Recent research that YOU can use to advocate for music education
I’ve been keeping a close eye on music education research for the past several years. When I started taking notes, a lot of the data was pretty dated. After all, research on the benefits of music education isn’t very sexy, and probably won’t get underwritten by a wealthy multinational conglomerate anytime soon.
In the last couple of years, though, new research has been published that better quantifies the positive effects of music education. In the hopes that you’ll use it to advocate for music education, I’ve selected a few of my favorites below.
Even though music educators and music students know firsthand the myriad benefits of music education, decision makers often don’t. They might assume that music educators who advocate for music education to decision makers are merely in it to protect their jobs, or that music students just need an excuse to keep having fun in school.
That’s why it’s so crucial that parents become more involved as advocates for music education. Parents are taxpayers. They’re voters. And as the legal guardians of students, they’re effectively consumers of the end product of public schools: education.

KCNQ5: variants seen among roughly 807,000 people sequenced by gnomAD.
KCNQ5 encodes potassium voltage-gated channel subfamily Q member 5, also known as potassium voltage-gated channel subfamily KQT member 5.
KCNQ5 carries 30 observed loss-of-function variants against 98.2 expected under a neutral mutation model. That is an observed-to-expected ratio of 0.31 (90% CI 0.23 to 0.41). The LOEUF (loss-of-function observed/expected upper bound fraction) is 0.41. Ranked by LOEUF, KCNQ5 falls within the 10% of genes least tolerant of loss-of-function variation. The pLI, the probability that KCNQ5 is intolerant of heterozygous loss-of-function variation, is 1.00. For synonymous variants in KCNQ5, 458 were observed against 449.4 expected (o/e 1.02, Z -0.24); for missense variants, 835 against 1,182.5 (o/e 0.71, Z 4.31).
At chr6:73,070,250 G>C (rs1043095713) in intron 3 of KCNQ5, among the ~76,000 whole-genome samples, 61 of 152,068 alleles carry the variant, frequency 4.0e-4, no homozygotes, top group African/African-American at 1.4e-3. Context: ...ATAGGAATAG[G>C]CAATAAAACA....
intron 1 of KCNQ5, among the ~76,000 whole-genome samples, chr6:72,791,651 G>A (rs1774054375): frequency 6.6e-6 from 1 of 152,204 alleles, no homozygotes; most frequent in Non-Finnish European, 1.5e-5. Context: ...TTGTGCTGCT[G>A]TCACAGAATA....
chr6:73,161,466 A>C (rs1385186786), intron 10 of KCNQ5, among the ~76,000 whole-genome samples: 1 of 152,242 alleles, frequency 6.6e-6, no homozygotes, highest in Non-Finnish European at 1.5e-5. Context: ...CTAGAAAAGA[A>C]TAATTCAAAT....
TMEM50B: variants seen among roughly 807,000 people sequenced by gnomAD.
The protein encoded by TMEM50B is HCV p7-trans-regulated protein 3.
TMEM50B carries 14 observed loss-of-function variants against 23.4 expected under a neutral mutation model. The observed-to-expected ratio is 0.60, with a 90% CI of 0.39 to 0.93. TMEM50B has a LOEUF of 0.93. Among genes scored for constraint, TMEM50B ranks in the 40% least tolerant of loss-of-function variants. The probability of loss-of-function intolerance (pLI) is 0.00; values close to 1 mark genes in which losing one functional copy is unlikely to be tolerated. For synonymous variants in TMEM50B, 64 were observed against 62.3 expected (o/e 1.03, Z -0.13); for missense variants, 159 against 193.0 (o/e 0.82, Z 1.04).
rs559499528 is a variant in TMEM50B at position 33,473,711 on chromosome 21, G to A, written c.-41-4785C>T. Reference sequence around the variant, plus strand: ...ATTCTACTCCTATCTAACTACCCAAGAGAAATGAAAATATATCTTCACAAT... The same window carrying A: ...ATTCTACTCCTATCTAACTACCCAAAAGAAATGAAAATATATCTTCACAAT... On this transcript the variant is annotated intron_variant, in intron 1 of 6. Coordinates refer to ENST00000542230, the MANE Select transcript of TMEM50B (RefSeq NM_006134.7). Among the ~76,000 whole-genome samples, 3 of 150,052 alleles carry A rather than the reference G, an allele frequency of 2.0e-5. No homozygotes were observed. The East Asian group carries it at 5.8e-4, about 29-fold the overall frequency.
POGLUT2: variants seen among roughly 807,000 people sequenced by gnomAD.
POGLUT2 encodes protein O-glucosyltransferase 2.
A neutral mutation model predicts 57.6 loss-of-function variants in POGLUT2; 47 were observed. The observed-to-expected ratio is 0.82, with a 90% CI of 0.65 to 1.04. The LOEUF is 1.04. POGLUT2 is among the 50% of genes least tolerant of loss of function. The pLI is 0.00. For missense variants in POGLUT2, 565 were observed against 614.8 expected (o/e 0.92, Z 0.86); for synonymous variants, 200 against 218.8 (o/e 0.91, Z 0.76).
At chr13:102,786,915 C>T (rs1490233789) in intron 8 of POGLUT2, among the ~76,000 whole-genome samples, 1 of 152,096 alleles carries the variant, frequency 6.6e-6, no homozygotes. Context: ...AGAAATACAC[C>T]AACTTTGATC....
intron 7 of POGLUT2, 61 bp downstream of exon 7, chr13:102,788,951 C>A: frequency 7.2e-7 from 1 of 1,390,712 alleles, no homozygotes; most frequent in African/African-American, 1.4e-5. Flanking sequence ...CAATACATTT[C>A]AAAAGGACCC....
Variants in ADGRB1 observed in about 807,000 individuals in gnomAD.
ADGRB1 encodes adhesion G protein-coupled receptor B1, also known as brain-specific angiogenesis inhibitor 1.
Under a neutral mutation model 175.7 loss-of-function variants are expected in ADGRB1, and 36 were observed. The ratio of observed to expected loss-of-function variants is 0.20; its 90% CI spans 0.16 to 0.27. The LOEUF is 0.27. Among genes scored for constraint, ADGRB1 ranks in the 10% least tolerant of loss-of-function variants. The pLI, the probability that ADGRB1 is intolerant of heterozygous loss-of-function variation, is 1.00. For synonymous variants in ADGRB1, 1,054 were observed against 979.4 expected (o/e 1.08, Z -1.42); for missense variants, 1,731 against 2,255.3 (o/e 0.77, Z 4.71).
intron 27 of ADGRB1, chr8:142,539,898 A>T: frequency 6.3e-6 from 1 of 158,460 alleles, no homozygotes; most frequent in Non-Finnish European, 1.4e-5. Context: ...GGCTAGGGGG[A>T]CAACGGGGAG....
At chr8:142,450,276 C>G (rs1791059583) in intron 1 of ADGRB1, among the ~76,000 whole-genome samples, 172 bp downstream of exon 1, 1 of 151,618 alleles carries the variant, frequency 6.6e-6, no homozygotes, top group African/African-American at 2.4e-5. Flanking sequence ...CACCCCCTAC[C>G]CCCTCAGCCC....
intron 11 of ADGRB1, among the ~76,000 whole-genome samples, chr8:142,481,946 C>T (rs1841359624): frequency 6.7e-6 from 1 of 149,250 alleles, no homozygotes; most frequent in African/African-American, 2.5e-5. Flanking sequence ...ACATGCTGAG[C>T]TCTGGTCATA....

Parents are also a step removed from the teachers and students who may be perceived as having a vested interest in the success of the music education program. But parents also have a front row seat to experience the positive changes they see in their children as they progress.
You’ll notice that wherever possible, I’ve included a link where you can find more detailed information, often to the research paper itself. I hope this information is helpful to you as you advocate for music education, and I’d love to hear how you’re using it!